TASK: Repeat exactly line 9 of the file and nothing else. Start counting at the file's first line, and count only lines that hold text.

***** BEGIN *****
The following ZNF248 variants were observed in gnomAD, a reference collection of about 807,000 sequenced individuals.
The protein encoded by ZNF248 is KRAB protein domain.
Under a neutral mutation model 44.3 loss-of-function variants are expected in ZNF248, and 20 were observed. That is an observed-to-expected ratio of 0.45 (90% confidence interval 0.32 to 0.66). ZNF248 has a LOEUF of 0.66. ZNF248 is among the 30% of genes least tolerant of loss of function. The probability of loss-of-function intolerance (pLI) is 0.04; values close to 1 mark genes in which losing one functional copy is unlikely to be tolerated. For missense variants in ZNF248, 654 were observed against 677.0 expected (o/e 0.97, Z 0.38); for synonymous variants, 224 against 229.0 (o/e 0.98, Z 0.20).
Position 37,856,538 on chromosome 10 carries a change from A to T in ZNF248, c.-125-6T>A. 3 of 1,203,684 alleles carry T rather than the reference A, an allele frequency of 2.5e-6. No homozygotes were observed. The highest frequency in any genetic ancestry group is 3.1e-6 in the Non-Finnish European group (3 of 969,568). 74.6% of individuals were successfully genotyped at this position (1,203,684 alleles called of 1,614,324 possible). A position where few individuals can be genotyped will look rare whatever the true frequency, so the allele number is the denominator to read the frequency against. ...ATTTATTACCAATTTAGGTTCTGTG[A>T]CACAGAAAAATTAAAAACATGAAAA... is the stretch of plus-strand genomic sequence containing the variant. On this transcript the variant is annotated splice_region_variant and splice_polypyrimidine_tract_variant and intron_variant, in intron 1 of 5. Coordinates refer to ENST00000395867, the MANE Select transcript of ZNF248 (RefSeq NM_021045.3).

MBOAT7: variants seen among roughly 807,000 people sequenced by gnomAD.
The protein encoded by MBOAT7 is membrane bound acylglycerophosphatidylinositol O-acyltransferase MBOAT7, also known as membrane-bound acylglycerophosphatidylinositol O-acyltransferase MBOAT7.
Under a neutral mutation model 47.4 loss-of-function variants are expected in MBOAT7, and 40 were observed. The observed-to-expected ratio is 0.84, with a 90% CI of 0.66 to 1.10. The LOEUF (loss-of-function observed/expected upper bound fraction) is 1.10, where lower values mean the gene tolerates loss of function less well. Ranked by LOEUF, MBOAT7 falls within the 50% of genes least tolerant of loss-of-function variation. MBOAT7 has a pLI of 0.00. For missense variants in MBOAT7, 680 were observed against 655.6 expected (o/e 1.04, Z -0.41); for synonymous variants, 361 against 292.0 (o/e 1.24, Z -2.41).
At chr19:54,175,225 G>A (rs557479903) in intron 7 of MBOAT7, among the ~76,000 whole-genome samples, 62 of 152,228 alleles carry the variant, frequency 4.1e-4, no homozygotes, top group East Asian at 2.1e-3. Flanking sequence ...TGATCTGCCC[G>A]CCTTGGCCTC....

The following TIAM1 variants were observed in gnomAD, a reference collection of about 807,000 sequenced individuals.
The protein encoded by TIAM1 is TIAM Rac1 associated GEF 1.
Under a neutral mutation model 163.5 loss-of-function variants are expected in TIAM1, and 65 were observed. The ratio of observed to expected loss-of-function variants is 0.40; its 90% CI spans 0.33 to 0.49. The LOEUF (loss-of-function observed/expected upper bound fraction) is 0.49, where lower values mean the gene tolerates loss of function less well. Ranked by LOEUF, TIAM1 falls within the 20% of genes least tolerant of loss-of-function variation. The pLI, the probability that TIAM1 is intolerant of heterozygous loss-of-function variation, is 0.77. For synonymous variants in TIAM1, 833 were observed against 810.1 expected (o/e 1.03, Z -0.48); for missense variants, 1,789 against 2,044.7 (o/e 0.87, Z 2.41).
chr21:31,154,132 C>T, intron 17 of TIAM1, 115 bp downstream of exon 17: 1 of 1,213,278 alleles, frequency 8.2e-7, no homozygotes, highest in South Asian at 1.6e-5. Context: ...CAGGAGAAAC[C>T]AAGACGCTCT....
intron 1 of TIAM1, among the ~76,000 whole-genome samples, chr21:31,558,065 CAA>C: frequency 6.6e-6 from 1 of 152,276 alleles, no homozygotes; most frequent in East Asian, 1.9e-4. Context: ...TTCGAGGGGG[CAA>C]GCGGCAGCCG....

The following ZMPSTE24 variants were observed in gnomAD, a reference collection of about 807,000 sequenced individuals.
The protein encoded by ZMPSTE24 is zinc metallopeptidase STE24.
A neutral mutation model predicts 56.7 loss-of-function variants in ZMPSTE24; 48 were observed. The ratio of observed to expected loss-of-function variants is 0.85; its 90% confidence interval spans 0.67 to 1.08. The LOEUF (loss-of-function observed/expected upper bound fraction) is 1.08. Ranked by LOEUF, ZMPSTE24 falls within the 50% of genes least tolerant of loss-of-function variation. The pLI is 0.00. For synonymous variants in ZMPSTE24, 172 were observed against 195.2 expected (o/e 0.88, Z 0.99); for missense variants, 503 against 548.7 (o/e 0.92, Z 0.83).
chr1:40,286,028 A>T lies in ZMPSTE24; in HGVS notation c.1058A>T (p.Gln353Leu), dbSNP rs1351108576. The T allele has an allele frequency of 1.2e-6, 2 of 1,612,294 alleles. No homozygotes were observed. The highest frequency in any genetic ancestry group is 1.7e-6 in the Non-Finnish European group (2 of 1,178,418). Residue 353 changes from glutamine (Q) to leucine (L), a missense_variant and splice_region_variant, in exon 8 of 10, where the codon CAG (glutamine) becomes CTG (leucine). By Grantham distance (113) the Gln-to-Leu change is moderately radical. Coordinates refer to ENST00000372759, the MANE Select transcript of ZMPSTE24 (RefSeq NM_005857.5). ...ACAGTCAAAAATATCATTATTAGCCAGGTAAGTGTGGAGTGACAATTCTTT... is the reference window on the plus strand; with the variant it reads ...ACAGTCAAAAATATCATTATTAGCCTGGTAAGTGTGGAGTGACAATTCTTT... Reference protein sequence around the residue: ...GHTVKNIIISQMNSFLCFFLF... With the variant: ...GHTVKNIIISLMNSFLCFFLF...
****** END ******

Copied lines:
The following TIAM1 variants were observed in gnomAD, a reference collection of about 807,000 sequenced individuals.